There is an overriding philosophy where government and technology meet, seeking to balance the public’s need and right to know with individual privacy concerns and, yes, cost effectiveness. When considering whether or not to digitize certain records or databases, even ones freely accessible by the public during in-person visits to city hall, the question has morphed from, “Can we do this?” to a more nuanced and complex, “Even if we can do this, should we do this?”
The same question should be asked by communities considering a recent Supreme Court decision allowing public prayer before government meetings.
In a split decision, the Court determined prayers at government meetings are a matter of free speech, which the listening officials cannot censor or edit. Even if a visiting member of the clergy chooses to fill his or her time before the body with sectarian attacks, the governmental body must sit quietly.
Justice Anthony Kennedy, writing for the 5-4 majority, noted, “To hold that invocations must be nonsectarian would force the legislatures that sponsor prayers and the courts that are asked to decide these cases to act as supervisors and censors of religious speech, a rule that would involve government in religious matters to a far greater degree than is the case under the town’s current practice of neither editing or approving prayers in advance or criticizing their content after the fact.”
While the Court’s approach initially appears to protect and insulate the government officials conducting the meetings, it effectively lowers prayer from its long-standing pedestal of reverence and solemnity to equate it with the speech found in this column or on radio shows. As such, prayers offered in these settings will become the fodder of public debate.
Government officials may be free to wash their hands of the practice, even as it happens, but citizens can and will criticize the content of the prayers and the intent of those offering them. After all, the rules of free speech dictate that if something is said, others are allowed to respond. For prayers viewed as hurtful, vicious or vindictive, this rule becomes even more important and more burdensome for the government bodies.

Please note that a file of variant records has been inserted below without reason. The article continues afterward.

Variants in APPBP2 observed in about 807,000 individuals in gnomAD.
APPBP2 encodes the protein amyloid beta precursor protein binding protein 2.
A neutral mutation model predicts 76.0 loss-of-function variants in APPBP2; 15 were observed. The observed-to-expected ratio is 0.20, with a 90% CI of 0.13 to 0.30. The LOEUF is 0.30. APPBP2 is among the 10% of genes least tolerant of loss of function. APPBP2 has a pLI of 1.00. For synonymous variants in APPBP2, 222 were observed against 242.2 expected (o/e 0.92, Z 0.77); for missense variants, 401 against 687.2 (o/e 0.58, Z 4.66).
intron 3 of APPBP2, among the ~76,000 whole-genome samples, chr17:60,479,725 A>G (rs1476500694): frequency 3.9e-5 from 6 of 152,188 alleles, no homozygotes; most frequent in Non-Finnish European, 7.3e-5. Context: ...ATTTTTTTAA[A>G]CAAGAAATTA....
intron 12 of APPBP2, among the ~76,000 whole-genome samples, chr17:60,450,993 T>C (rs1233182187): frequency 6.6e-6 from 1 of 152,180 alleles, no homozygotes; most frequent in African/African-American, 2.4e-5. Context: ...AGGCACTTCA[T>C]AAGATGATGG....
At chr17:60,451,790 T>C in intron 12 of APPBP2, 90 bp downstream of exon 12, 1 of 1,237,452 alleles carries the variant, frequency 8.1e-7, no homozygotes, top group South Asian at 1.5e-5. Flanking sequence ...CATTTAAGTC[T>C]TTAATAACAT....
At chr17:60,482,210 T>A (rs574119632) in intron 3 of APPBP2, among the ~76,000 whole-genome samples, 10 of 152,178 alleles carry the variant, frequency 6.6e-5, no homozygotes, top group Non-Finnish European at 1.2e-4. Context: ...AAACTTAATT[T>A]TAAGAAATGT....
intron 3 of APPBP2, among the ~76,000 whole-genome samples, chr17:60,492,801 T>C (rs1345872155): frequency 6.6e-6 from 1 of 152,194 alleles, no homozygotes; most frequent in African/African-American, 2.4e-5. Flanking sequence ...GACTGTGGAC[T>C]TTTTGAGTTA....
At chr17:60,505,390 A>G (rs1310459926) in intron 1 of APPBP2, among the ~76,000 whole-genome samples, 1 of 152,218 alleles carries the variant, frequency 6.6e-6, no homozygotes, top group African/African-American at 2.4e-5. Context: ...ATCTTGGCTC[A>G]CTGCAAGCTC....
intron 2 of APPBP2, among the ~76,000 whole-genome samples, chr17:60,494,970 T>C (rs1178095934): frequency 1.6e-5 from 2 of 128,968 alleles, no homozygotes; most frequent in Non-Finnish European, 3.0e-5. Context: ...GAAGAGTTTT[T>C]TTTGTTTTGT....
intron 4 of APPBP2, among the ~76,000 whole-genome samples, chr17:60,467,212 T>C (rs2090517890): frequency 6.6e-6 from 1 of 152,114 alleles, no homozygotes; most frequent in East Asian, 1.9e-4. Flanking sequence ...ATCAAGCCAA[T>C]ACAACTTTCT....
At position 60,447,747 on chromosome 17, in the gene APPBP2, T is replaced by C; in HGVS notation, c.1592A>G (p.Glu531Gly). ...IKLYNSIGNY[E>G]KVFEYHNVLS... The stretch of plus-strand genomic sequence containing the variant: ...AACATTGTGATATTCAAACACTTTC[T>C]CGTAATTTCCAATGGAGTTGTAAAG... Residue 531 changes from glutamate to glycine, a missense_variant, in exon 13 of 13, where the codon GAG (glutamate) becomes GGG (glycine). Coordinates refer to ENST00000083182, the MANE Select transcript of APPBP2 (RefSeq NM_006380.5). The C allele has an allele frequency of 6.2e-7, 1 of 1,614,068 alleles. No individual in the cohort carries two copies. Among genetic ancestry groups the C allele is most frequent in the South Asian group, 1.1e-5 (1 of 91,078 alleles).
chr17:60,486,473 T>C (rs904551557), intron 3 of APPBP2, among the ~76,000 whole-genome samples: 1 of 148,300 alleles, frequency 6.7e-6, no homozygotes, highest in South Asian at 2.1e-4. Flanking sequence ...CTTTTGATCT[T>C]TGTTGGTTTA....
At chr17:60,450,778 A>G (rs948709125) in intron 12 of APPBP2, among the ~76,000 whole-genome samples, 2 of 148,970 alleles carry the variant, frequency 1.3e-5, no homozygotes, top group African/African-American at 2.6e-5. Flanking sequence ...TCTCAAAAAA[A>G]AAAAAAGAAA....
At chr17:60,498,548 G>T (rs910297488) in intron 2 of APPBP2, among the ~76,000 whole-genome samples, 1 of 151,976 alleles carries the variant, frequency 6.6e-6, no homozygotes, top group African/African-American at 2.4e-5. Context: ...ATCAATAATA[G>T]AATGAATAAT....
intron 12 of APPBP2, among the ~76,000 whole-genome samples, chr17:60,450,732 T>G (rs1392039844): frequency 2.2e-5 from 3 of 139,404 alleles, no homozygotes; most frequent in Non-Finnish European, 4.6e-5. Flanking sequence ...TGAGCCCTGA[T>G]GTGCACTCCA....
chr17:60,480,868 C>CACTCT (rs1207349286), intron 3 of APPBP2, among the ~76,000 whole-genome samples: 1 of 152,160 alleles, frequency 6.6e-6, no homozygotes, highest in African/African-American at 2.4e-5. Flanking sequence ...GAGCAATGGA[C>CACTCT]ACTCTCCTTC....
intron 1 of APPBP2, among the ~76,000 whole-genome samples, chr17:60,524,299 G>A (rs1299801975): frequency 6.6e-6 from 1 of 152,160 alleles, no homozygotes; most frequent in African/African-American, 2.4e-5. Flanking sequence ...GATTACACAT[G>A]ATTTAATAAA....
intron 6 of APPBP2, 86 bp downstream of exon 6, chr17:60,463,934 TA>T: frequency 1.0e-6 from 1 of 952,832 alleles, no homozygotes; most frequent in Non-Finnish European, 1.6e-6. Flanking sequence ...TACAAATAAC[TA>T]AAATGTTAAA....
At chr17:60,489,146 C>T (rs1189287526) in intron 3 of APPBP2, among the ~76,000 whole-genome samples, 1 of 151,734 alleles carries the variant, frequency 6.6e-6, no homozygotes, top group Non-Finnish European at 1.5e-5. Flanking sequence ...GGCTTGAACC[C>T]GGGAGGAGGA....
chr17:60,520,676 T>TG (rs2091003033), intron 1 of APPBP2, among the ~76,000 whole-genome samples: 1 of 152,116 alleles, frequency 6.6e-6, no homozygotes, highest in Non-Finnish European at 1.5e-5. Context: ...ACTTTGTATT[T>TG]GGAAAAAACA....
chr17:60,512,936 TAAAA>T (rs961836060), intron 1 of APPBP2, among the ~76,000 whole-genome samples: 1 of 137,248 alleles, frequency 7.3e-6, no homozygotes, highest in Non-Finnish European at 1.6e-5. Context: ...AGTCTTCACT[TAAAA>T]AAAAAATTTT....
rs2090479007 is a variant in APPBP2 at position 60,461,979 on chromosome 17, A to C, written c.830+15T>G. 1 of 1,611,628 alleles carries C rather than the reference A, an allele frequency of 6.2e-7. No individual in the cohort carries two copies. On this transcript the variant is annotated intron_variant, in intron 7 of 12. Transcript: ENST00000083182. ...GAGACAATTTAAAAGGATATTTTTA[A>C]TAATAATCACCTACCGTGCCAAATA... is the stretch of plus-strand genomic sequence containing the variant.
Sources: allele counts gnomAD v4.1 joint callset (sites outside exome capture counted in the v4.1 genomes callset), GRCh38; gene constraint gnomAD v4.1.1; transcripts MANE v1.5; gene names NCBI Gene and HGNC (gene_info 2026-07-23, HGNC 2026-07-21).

When governmental bodies are tasked with the secular and often controversial tasks of transportation, taxation and employee pensions, it is disappointing to think of their public comment sections filled with religious dogma consternation. Discussions on whether or not Jesus was a real person sandwiched between comments on a sewer extension and nuisance lawn growth provide no benefit to a city council or a religious visitor, and would only serve to further divide meeting attendees.
Some government groups have a steeped history of beginning meetings with a religious prayer or message. In light of the most recent decree by the Court, they may want to reconsider.
Councils, boards and other governmental bodies not currently beginning their meetings with prayer will find no incentive in the Galloway decision for calling upon a higher power. Prayer, however well intentioned, according to the court, is only speech.
This column by Lynda Waddington originally published in The Gazette on May 24, 2014. Photo credit: James Lawler Duggan/Reuters